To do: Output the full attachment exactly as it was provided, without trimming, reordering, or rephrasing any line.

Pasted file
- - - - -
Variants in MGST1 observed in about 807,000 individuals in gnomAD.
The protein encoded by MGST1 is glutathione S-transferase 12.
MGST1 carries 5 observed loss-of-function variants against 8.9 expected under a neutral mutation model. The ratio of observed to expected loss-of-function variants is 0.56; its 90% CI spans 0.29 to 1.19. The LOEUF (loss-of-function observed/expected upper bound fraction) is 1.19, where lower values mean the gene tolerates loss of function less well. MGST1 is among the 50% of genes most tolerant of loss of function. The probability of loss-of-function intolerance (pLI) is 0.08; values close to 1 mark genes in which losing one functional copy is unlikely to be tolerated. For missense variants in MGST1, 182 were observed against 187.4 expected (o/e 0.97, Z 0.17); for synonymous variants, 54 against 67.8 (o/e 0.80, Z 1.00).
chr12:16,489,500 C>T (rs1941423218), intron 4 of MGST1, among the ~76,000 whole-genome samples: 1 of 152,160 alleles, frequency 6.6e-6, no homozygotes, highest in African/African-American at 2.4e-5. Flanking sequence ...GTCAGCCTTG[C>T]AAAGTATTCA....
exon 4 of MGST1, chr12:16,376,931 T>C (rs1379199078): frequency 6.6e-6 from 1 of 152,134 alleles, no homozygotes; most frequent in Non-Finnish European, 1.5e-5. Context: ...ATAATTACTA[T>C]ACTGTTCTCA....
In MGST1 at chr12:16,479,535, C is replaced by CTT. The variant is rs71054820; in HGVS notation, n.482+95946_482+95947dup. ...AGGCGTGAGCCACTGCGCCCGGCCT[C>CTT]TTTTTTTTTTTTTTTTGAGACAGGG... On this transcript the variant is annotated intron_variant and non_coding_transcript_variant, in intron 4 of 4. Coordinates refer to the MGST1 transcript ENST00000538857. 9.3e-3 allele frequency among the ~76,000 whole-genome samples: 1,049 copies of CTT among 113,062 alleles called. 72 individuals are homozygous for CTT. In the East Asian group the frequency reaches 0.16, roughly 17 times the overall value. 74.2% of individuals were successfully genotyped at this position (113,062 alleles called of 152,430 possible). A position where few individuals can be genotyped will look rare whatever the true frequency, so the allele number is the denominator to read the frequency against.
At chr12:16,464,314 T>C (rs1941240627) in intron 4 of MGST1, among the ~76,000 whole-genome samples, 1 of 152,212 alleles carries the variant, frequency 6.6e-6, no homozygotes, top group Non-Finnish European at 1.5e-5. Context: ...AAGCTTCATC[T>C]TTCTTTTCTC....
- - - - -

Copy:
Variants in MGST1 observed in about 807,000 individuals in gnomAD.
The protein encoded by MGST1 is glutathione S-transferase 12.
MGST1 carries 5 observed loss-of-function variants against 8.9 expected under a neutral mutation model. The ratio of observed to expected loss-of-function variants is 0.56; its 90% CI spans 0.29 to 1.19. The LOEUF (loss-of-function observed/expected upper bound fraction) is 1.19, where lower values mean the gene tolerates loss of function less well. MGST1 is among the 50% of genes most tolerant of loss of function. The probability of loss-of-function intolerance (pLI) is 0.08; values close to 1 mark genes in which losing one functional copy is unlikely to be tolerated. For missense variants in MGST1, 182 were observed against 187.4 expected (o/e 0.97, Z 0.17); for synonymous variants, 54 against 67.8 (o/e 0.80, Z 1.00).
chr12:16,489,500 C>T (rs1941423218), intron 4 of MGST1, among the ~76,000 whole-genome samples: 1 of 152,160 alleles, frequency 6.6e-6, no homozygotes, highest in African/African-American at 2.4e-5. Flanking sequence ...GTCAGCCTTG[C>T]AAAGTATTCA....
exon 4 of MGST1, chr12:16,376,931 T>C (rs1379199078): frequency 6.6e-6 from 1 of 152,134 alleles, no homozygotes; most frequent in Non-Finnish European, 1.5e-5. Context: ...ATAATTACTA[T>C]ACTGTTCTCA....
In MGST1 at chr12:16,479,535, C is replaced by CTT. The variant is rs71054820; in HGVS notation, n.482+95946_482+95947dup. ...AGGCGTGAGCCACTGCGCCCGGCCT[C>CTT]TTTTTTTTTTTTTTTTGAGACAGGG... On this transcript the variant is annotated intron_variant and non_coding_transcript_variant, in intron 4 of 4. Coordinates refer to the MGST1 transcript ENST00000538857. 9.3e-3 allele frequency among the ~76,000 whole-genome samples: 1,049 copies of CTT among 113,062 alleles called. 72 individuals are homozygous for CTT. In the East Asian group the frequency reaches 0.16, roughly 17 times the overall value. 74.2% of individuals were successfully genotyped at this position (113,062 alleles called of 152,430 possible). A position where few individuals can be genotyped will look rare whatever the true frequency, so the allele number is the denominator to read the frequency against.
At chr12:16,464,314 T>C (rs1941240627) in intron 4 of MGST1, among the ~76,000 whole-genome samples, 1 of 152,212 alleles carries the variant, frequency 6.6e-6, no homozygotes, top group Non-Finnish European at 1.5e-5. Context: ...AAGCTTCATC[T>C]TTCTTTTCTC....